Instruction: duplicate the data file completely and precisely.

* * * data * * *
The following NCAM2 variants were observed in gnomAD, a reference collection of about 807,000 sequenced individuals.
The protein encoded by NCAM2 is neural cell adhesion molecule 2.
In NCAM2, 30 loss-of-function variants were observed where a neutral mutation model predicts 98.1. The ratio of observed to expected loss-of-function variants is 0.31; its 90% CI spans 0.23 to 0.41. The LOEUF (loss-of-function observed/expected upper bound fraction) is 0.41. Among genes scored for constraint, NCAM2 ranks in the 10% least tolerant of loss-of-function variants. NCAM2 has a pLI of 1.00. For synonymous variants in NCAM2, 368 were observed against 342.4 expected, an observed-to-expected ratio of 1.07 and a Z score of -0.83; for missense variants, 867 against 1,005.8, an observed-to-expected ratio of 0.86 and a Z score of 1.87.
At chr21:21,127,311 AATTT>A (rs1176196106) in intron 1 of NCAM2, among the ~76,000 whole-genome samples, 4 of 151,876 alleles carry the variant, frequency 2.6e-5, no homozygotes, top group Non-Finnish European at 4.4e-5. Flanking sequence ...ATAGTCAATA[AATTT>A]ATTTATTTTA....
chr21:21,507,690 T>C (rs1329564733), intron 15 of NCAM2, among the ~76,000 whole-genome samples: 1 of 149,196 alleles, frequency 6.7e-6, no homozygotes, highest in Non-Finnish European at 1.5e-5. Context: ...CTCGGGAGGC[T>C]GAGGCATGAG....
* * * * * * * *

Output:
The following NCAM2 variants were observed in gnomAD, a reference collection of about 807,000 sequenced individuals.
The protein encoded by NCAM2 is neural cell adhesion molecule 2.
In NCAM2, 30 loss-of-function variants were observed where a neutral mutation model predicts 98.1. The ratio of observed to expected loss-of-function variants is 0.31; its 90% CI spans 0.23 to 0.41. The LOEUF (loss-of-function observed/expected upper bound fraction) is 0.41. Among genes scored for constraint, NCAM2 ranks in the 10% least tolerant of loss-of-function variants. NCAM2 has a pLI of 1.00. For synonymous variants in NCAM2, 368 were observed against 342.4 expected, an observed-to-expected ratio of 1.07 and a Z score of -0.83; for missense variants, 867 against 1,005.8, an observed-to-expected ratio of 0.86 and a Z score of 1.87.
At chr21:21,127,311 AATTT>A (rs1176196106) in intron 1 of NCAM2, among the ~76,000 whole-genome samples, 4 of 151,876 alleles carry the variant, frequency 2.6e-5, no homozygotes, top group Non-Finnish European at 4.4e-5. Flanking sequence ...ATAGTCAATA[AATTT>A]ATTTATTTTA....
chr21:21,507,690 T>C (rs1329564733), intron 15 of NCAM2, among the ~76,000 whole-genome samples: 1 of 149,196 alleles, frequency 6.7e-6, no homozygotes, highest in Non-Finnish European at 1.5e-5. Context: ...CTCGGGAGGC[T>C]GAGGCATGAG....